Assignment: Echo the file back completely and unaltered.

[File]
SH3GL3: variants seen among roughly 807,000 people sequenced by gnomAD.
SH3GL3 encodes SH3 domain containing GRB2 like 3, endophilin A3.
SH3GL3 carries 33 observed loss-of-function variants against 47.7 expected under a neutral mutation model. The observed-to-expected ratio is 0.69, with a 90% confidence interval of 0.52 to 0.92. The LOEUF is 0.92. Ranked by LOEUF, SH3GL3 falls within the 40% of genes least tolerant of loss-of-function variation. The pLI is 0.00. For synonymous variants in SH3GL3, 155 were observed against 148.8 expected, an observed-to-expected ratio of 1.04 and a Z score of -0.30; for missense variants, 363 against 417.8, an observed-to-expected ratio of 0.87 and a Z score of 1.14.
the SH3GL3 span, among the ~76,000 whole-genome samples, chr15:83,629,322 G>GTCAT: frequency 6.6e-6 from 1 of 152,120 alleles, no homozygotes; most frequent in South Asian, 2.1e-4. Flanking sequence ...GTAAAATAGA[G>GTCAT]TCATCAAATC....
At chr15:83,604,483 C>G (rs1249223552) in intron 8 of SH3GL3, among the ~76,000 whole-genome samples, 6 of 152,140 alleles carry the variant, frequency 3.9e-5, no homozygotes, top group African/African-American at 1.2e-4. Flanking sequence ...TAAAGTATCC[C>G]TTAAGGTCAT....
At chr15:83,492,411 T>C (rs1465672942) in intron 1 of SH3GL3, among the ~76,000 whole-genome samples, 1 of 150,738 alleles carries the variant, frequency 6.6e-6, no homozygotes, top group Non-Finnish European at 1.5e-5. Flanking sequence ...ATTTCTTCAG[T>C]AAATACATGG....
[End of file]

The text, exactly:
SH3GL3: variants seen among roughly 807,000 people sequenced by gnomAD.
SH3GL3 encodes SH3 domain containing GRB2 like 3, endophilin A3.
SH3GL3 carries 33 observed loss-of-function variants against 47.7 expected under a neutral mutation model. The observed-to-expected ratio is 0.69, with a 90% confidence interval of 0.52 to 0.92. The LOEUF is 0.92. Ranked by LOEUF, SH3GL3 falls within the 40% of genes least tolerant of loss-of-function variation. The pLI is 0.00. For synonymous variants in SH3GL3, 155 were observed against 148.8 expected, an observed-to-expected ratio of 1.04 and a Z score of -0.30; for missense variants, 363 against 417.8, an observed-to-expected ratio of 0.87 and a Z score of 1.14.
the SH3GL3 span, among the ~76,000 whole-genome samples, chr15:83,629,322 G>GTCAT: frequency 6.6e-6 from 1 of 152,120 alleles, no homozygotes; most frequent in South Asian, 2.1e-4. Flanking sequence ...GTAAAATAGA[G>GTCAT]TCATCAAATC....
At chr15:83,604,483 C>G (rs1249223552) in intron 8 of SH3GL3, among the ~76,000 whole-genome samples, 6 of 152,140 alleles carry the variant, frequency 3.9e-5, no homozygotes, top group African/African-American at 1.2e-4. Flanking sequence ...TAAAGTATCC[C>G]TTAAGGTCAT....
At chr15:83,492,411 T>C (rs1465672942) in intron 1 of SH3GL3, among the ~76,000 whole-genome samples, 1 of 150,738 alleles carries the variant, frequency 6.6e-6, no homozygotes, top group Non-Finnish European at 1.5e-5. Flanking sequence ...ATTTCTTCAG[T>C]AAATACATGG....